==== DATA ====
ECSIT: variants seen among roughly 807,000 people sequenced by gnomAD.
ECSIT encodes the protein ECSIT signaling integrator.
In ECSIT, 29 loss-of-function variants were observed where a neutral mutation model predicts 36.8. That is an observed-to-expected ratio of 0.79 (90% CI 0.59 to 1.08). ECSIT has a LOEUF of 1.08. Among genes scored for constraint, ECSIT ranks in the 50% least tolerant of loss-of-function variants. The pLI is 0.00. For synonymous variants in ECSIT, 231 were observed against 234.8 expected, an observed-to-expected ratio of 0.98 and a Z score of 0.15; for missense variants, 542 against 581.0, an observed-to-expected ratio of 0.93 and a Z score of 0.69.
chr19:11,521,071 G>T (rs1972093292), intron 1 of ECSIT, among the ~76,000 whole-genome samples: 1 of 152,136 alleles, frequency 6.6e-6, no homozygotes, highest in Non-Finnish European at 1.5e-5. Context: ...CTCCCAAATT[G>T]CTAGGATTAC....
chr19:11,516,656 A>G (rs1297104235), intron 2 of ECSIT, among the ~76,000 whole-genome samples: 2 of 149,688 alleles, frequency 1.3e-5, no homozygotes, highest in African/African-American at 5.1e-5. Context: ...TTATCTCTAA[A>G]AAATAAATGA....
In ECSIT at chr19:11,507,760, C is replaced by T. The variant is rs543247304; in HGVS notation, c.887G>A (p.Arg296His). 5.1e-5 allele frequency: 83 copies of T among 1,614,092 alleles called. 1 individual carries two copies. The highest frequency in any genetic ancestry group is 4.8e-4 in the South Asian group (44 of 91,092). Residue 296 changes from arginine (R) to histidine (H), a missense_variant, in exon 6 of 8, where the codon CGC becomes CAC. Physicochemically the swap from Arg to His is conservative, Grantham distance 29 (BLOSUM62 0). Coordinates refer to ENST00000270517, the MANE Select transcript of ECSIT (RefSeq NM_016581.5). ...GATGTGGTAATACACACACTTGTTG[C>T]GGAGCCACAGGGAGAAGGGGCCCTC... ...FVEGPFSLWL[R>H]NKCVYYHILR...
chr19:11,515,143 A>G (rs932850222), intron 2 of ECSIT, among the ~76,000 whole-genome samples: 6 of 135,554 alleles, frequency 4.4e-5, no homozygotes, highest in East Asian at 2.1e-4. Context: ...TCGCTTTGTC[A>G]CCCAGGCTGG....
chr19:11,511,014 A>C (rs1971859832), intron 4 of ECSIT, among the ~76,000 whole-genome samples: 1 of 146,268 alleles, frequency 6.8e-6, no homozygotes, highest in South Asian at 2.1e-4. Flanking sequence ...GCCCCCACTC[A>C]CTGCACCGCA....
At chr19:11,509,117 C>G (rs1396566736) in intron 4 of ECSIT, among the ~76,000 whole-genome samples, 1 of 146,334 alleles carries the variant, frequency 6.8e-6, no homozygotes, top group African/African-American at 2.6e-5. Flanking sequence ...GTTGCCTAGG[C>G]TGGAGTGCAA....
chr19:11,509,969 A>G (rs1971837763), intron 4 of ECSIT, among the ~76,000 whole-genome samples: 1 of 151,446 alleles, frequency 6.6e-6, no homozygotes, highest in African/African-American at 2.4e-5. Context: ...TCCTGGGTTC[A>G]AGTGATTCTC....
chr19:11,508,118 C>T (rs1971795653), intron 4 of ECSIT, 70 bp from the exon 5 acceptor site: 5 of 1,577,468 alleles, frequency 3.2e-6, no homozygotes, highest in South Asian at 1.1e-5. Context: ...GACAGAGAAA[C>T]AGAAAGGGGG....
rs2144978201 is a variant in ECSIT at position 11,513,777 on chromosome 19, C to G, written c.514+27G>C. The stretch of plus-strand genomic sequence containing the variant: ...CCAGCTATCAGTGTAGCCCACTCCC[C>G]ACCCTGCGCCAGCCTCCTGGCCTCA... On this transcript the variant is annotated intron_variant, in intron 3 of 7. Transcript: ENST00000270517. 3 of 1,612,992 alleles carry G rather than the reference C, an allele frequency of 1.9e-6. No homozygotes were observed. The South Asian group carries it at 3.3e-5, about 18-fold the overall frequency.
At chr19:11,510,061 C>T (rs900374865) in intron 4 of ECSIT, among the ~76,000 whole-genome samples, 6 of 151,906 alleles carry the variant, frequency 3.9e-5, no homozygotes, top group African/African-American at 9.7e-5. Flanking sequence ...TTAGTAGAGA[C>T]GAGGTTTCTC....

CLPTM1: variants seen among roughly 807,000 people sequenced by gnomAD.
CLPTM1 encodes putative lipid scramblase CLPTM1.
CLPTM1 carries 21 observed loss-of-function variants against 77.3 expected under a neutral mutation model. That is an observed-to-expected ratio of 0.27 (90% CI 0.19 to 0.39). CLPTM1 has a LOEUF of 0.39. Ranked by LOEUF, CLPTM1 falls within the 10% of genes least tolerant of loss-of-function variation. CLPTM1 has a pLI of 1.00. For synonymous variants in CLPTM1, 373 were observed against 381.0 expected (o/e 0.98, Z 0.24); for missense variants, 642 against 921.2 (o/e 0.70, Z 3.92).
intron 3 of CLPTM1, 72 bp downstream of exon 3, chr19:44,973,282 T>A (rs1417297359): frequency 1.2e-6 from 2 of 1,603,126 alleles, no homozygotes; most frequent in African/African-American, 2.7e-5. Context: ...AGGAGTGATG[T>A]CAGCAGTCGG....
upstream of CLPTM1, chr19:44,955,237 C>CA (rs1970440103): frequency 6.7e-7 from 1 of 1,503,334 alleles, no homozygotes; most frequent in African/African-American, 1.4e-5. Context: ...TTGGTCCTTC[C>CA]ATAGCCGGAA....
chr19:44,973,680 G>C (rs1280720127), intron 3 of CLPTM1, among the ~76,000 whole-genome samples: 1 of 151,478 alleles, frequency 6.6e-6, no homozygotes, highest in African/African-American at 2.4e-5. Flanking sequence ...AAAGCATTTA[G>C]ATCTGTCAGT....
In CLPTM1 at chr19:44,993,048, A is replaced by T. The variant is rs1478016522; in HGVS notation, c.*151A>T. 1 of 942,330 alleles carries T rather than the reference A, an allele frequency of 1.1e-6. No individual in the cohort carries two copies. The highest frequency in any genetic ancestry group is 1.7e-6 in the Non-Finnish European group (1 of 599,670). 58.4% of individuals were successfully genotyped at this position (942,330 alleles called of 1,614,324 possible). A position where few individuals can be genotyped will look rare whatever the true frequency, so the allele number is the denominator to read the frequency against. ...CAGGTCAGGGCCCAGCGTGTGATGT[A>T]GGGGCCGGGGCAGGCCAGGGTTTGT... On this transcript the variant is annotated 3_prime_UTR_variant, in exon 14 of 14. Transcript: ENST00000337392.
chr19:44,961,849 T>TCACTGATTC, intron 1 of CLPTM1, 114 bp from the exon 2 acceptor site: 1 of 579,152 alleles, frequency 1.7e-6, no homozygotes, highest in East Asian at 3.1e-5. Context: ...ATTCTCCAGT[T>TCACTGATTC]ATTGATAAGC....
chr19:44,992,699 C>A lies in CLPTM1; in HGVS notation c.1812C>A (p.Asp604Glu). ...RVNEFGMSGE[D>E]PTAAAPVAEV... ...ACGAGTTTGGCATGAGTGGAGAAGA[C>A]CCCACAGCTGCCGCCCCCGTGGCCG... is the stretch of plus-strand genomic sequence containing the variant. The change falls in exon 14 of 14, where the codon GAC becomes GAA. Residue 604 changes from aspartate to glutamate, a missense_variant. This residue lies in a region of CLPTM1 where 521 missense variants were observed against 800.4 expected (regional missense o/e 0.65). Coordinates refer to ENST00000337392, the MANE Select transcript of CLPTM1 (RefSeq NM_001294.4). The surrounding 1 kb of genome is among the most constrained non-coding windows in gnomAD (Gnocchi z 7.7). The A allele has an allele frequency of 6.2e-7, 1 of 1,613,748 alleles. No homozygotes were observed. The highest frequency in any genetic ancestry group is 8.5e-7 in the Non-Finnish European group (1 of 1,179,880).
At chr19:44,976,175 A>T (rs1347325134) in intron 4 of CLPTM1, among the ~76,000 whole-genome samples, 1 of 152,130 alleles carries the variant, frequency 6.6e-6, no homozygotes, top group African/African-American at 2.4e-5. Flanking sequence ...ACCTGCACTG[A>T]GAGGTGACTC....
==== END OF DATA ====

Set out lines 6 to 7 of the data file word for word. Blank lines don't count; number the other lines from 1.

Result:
In ECSIT at chr19:11,507,760, C is replaced by T. The variant is rs543247304; in HGVS notation, c.887G>A (p.Arg296His). 5.1e-5 allele frequency: 83 copies of T among 1,614,092 alleles called. 1 individual carries two copies. The highest frequency in any genetic ancestry group is 4.8e-4 in the South Asian group (44 of 91,092). Residue 296 changes from arginine (R) to histidine (H), a missense_variant, in exon 6 of 8, where the codon CGC becomes CAC. Physicochemically the swap from Arg to His is conservative, Grantham distance 29 (BLOSUM62 0). Coordinates refer to ENST00000270517, the MANE Select transcript of ECSIT (RefSeq NM_016581.5). ...GATGTGGTAATACACACACTTGTTG[C>T]GGAGCCACAGGGAGAAGGGGCCCTC... ...FVEGPFSLWL[R>H]NKCVYYHILR...
chr19:11,515,143 A>G (rs932850222), intron 2 of ECSIT, among the ~76,000 whole-genome samples: 6 of 135,554 alleles, frequency 4.4e-5, no homozygotes, highest in East Asian at 2.1e-4. Context: ...TCGCTTTGTC[A>G]CCCAGGCTGG....